The Weekly Round-Up

The Weekly Round-Up

Posted on in Middle East, Refugees.

One of many Palestinian government buildings destroyed by Israeli air strikes (Photo by rrodrickbeller via Getty Images).

Welcome to The Briefing newsletter by Jason Clarke and Will Maddox. This week, we look at refugee inspired art in India, reduction in funding for the UN, reduced refugee thresholds in the US, and a South American refugee crisis.

Refugee-inspired Installations

“The Flow,” an art installation by New Delhi-based artist Subba Ghosh in the 2018 Indian Art Fair, is inspired by the world’s ongoing refugee crisis. Paintings of suffering refugees, the sound of crashing waves and flickering light are all part of the experience. Other works in the fair include refugee figures hanging from the ceiling to symbolize their suspended status. Stories of displacement, suffering and the refugee crisis dominated this year’s fair.

Gaza Protests

Last month, the United States reduced its funding to the UN Relief and Works Agency, which provides food, education and medical services to Palestinian refugees all over the Middle East. Electricity is limited to four hours a day and medical facilities are closing down due to lack of fuel, causing refugee protests in the area. For many in Palestine, the UN is the only organization protecting their rights, and with the US cuts, officials say that all services in the Gaza strip may end within months.

Closing Doors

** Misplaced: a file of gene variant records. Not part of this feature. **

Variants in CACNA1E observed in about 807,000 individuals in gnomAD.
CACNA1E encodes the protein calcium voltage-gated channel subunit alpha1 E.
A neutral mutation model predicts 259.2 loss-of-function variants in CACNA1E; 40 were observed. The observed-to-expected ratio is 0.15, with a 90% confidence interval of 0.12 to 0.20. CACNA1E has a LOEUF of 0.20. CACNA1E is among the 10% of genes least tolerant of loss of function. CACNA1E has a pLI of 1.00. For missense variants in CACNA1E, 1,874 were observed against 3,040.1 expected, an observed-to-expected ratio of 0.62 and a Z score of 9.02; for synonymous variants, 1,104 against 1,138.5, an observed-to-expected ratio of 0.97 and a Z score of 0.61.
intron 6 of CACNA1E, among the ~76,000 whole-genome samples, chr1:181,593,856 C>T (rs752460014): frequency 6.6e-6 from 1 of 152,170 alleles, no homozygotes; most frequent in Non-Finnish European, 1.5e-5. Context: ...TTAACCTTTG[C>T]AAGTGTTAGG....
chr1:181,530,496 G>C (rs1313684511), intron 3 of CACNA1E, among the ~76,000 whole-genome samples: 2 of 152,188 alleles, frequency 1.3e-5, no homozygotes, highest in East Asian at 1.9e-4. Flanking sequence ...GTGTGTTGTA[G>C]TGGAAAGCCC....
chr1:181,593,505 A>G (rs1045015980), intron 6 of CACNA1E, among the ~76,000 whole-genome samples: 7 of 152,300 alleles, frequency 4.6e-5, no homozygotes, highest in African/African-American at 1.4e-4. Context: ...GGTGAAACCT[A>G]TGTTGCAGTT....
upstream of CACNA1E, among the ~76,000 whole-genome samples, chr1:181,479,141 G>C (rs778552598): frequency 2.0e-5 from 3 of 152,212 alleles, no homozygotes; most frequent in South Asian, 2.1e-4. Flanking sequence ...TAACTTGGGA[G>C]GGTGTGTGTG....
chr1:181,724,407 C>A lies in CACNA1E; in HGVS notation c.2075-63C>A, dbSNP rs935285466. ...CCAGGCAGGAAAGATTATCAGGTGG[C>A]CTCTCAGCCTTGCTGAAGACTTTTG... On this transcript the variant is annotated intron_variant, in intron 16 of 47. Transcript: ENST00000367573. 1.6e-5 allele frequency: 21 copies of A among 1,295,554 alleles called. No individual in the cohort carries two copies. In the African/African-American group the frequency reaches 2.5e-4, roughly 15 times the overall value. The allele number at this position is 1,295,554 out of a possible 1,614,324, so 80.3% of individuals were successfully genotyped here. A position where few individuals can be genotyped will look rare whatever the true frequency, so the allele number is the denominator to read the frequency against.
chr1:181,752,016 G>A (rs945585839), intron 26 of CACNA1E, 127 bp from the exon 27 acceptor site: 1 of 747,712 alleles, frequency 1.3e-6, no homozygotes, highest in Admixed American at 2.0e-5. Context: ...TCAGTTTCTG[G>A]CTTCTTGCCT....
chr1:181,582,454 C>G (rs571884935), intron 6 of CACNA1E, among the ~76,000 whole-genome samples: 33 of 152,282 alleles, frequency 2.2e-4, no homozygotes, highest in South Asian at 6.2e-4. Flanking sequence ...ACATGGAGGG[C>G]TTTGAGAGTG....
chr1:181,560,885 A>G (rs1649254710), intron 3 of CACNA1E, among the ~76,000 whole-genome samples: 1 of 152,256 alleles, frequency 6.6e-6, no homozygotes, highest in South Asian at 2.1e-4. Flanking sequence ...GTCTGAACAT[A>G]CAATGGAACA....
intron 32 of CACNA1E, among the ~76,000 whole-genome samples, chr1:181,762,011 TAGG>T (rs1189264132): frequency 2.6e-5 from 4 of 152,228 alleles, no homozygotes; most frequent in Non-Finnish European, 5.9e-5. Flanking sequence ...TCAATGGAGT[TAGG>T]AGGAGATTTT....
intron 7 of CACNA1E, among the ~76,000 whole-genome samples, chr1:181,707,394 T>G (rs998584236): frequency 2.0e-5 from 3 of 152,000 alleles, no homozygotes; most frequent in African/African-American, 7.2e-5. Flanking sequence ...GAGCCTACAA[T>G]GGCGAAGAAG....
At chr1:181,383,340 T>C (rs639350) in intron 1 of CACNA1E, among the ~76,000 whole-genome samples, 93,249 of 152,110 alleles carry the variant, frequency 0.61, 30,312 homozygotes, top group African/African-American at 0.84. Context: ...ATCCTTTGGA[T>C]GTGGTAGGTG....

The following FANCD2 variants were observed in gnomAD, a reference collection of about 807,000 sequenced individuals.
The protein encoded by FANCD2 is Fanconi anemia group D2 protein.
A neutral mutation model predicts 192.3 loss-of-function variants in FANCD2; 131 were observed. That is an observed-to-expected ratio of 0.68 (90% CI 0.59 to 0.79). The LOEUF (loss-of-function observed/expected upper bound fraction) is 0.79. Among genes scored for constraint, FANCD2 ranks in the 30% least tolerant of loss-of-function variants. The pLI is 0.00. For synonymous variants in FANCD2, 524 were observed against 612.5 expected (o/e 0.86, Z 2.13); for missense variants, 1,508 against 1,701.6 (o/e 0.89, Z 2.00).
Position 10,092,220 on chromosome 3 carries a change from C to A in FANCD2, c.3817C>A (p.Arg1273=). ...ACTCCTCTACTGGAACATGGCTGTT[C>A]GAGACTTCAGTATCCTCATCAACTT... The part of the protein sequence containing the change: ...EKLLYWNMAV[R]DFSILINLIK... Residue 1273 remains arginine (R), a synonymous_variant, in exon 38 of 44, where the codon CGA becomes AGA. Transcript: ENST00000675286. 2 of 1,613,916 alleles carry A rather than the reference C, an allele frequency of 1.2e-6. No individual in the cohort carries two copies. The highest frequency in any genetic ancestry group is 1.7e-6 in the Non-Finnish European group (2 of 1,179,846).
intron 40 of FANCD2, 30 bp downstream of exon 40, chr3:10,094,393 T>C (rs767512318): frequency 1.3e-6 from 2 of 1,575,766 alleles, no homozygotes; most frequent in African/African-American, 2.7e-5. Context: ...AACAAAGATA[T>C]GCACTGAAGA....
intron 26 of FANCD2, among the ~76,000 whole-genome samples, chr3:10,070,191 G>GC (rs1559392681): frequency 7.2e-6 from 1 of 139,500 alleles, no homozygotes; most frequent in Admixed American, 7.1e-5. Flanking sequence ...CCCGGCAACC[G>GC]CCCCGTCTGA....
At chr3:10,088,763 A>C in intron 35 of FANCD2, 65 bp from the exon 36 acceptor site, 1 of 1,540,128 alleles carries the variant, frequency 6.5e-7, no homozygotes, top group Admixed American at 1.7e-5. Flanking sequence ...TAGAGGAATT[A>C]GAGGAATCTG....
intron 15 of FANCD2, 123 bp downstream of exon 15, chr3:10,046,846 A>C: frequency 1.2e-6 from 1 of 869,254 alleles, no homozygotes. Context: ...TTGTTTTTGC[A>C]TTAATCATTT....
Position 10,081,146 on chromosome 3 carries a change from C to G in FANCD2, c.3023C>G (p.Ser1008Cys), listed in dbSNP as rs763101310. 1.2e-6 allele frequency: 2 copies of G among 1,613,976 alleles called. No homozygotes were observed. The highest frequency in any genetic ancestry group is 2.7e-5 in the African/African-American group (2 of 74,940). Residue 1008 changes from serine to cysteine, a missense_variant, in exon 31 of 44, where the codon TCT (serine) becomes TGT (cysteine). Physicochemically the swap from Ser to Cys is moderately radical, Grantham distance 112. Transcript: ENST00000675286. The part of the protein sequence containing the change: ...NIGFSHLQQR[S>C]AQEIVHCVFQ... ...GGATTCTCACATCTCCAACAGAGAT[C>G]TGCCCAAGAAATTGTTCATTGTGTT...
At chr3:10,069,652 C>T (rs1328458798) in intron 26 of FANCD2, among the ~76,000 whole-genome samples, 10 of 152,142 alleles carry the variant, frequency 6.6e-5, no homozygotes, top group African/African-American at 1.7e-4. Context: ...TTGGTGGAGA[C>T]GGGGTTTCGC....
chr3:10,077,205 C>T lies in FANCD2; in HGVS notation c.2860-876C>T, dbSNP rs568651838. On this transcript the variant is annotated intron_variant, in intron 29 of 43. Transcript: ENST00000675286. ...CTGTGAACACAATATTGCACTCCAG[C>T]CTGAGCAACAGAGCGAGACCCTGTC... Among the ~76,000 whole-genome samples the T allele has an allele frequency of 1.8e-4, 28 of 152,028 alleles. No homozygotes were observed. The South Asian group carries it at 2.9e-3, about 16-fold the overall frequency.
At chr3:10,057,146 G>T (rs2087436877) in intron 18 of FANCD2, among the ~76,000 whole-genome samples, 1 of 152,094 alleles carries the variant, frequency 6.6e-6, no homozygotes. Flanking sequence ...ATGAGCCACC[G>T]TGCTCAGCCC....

President Trump decided to reduce the total number of refugees accepted in the U.S. to 45,000 when the number was at 110,000 per year during the Obama years. Between the refugee reduction and the travel ban, refugee infrastructure is being reduced all over the country. The International Institute of St. Louis shut down its satellite in Springfield, Missouri where many refugees live, for the rest of the fiscal year. The organization helps resettle refugees with English classes, tutoring, micro-lending and translation services.

Venezuelan Exodus

Most refugee crises take readers to Asia, Africa and the Middle East, but Venezuelan refugees have been pouring across borders into Colombia and Brazil over the last few years, as economic conditions in the country worsen. Colombia took in at least 500,000 Venezuelans at the end of 2017, but plans to send military personnel to patrol the border and make it more difficult to cross the border illegally. The food shortages, hyperinflation and economic crisis show no sign of letting up.